The goal of this module is to provide participants with an overview of the Microsoft Dataverse architecture and where the extension points are as a developer.
- Introduction to Dataverse
- Overview of the Dataverse extensibility model
- overview of the Power Platform Developer Tooling
- Introducing XrmToolBox
- LAB: Setting up your development machine.
Working with the Dataverse Web API
The Dataverse Web API is one of two web services you can use to work with data and metadata in Dataverse. The other is the Organization Service.
The Dataverse Web API provides a development experience that can be used across a wide variety of programming languages, platforms, and devices to access the Dataverse data and functionality.
In this module, students will learn about the authentication and authorization options with the Dataverse Web API.
- Introduction to the Dataverse Web API
- Registering client applications with Azure Active Directory
- Authenticate with the Dataverse Web API using OAuth 2.0 and MSAL
- Performing a simple Create operation using the Dataverse Web API
- Composing HTTP requests and error handling
- Dataverse Web API URL and versions
- The different HTTP methods and headers
- Executing your first HTTP requests
- LAB: Creating and configuring a client application for Dataverse using .NET 5.0
Using the Dataverse Web API
The Dataverse Web API provides a modern, RESTful web service you can use to interact with data and metadata in Dataverse using a wide variety of platforms, programming languages and devices.
This module teaches students how they can execute CRUD operations, Actions and Functions using the Dataverse Web API.
- Query Data using the Dataverse Web API
- Creating, Updating and Deleting rows in tables
- Executing batches
- Impersonate another user using the Dataverse Web API
- Detect duplicate data using the Dataverse Web API
- LAB: Using Postman with the Dataverse Web API
Working with the Microsoft Dataverse Organization Service
This chapter introduces participants to the Dataverse Organization Service endpoint and will teach them how to do CRUD operations in .NET using late or early binding.
The chapter also talks about the how the XRM Tooling SDK can be used to build Windows Application and what the future of the XRM Tooling will be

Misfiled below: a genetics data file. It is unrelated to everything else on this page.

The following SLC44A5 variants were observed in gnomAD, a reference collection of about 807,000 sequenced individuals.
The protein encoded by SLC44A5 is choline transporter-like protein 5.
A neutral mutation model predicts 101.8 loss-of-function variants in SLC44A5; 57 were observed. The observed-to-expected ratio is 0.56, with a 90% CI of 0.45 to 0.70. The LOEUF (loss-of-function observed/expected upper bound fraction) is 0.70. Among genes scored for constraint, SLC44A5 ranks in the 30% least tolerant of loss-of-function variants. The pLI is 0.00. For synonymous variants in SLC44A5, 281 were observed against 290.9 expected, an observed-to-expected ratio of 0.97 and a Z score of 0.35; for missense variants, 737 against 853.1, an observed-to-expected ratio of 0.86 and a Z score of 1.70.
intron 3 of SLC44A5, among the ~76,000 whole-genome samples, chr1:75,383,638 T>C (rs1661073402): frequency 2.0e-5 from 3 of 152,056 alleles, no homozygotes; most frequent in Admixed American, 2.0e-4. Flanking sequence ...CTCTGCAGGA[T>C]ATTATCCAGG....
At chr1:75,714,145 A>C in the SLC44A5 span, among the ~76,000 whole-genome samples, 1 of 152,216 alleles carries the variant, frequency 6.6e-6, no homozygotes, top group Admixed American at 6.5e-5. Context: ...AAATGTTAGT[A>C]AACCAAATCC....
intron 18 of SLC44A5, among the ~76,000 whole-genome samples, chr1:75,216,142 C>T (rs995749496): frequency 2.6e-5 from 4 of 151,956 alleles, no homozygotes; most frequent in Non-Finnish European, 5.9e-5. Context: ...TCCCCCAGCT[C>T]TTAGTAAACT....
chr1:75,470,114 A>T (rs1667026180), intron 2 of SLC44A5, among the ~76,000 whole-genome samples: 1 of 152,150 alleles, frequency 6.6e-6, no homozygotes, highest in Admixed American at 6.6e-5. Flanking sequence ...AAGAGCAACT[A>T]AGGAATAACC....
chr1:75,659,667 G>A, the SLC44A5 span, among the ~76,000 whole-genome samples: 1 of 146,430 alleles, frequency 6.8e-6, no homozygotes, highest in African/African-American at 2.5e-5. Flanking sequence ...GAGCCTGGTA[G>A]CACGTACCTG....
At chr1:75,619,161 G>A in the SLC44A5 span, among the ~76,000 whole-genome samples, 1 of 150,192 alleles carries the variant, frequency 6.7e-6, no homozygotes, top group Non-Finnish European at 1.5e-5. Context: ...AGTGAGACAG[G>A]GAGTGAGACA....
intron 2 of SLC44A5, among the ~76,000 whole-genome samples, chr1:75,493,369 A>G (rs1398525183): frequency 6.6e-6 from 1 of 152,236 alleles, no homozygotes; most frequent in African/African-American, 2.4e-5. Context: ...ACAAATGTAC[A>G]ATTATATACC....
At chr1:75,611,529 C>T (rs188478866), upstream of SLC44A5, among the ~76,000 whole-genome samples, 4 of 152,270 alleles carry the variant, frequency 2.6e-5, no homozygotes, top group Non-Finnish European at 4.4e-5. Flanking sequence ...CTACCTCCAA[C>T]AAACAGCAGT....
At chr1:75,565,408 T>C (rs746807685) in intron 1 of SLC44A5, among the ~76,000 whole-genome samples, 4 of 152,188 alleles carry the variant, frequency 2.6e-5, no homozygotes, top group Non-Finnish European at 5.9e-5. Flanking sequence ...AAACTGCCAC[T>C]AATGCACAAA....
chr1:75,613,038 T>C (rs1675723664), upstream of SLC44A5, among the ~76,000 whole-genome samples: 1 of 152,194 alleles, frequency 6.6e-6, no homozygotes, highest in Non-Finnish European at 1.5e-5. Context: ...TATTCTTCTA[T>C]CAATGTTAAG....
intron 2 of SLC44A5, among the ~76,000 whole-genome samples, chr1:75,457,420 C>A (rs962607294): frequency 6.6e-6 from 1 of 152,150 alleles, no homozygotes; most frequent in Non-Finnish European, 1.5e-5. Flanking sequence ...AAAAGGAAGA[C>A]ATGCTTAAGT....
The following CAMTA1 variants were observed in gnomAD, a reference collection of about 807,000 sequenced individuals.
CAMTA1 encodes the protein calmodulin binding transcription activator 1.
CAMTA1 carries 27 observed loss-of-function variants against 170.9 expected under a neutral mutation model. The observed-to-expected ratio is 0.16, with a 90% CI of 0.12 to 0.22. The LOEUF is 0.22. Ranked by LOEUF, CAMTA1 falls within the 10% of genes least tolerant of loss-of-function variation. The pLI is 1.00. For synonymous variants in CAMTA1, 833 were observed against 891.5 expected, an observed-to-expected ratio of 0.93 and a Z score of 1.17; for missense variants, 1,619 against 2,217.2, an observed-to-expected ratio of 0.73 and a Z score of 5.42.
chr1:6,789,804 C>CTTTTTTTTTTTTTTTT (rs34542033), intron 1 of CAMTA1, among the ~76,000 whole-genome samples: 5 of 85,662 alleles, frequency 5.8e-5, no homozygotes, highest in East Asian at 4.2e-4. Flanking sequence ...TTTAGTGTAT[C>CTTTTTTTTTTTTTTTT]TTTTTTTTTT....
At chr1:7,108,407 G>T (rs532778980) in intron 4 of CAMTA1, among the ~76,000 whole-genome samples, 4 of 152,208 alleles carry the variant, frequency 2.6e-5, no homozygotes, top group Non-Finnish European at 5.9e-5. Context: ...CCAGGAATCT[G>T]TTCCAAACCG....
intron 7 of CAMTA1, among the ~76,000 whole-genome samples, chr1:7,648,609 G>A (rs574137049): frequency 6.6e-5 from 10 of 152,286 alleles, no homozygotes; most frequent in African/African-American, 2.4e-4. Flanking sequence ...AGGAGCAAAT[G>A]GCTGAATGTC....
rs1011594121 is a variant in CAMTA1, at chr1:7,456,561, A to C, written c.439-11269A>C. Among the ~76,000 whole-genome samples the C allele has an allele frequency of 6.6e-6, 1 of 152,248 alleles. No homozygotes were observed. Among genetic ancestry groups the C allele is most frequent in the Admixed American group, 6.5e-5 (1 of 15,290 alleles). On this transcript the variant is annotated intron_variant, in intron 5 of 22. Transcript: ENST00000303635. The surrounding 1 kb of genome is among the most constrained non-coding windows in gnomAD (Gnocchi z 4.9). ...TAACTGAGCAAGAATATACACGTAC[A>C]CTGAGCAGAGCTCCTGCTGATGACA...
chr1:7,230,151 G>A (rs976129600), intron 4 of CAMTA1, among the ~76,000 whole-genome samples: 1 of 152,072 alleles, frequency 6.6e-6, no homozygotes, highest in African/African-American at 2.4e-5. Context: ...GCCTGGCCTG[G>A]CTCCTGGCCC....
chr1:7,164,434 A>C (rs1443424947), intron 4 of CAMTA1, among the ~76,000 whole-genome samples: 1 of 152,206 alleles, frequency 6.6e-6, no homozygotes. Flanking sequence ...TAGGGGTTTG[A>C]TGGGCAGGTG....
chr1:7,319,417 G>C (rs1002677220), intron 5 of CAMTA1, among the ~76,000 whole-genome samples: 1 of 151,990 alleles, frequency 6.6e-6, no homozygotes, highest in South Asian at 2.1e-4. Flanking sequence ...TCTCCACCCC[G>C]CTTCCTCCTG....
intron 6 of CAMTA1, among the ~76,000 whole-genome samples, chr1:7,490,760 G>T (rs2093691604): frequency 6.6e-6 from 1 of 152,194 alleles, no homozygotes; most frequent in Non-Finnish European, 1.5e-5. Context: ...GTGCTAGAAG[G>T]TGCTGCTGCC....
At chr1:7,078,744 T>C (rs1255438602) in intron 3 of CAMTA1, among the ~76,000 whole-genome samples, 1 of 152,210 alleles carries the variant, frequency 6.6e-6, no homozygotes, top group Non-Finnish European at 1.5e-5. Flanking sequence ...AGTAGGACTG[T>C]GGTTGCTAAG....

- What is the Organization Service endpoint in Dataverse
- The IOrganizationService Interface
- The OrganizationServiceProxy class
- Early versus late binding when accessing table rows
- An introduction to XRM Tooling and it's future in the Power Platform
- Working with CrmServiceClient
- Use connection strings in XRM Tooling to connect to Dataverse
- Create, update, delete and retrieve table rows using XRM Tooling
- Retrieving data using the QueryExpression and QueryByAttribute classes
- LAB: Writing a Dataverse client application using XRM Tooling
Querying Microsoft Dataverse with FetchXML
When accessing Dataverse as a developer you have several ways to query for data.
In this chapter you will learn the syntax of the FetchXML language to query Dataverse.
- Introduction to FetchXML
- Writing FetchXML queries
- Using XrmToolBox FetchXML Builder to create FetchXML queries
- Executing FetchXML queries using the Dataverse Web API
- Executing FetchXML queries using the Dataverse XRM Tooling
- LAB: Creating and executing FetchXML queries
A plug-in is custom business logic that you can deploy inside Dataverse to modify or augment the standard behavior of Dataverse.
This chapter teaches students how they can write a custom Plug-in in .NET and deploy it to Dataverse. Students also learn how to debug Plug-ins in Dataverse.
- Introduction to the Microsoft Dataverse Event Framework
- Plug-in overview
- Writing custom plug-ins
- Register and deploy plug-ins using the Plug-In Registration Tool
- Debugging plug-ins in the Dataverse
- Deploying Plug-Ins with Solutions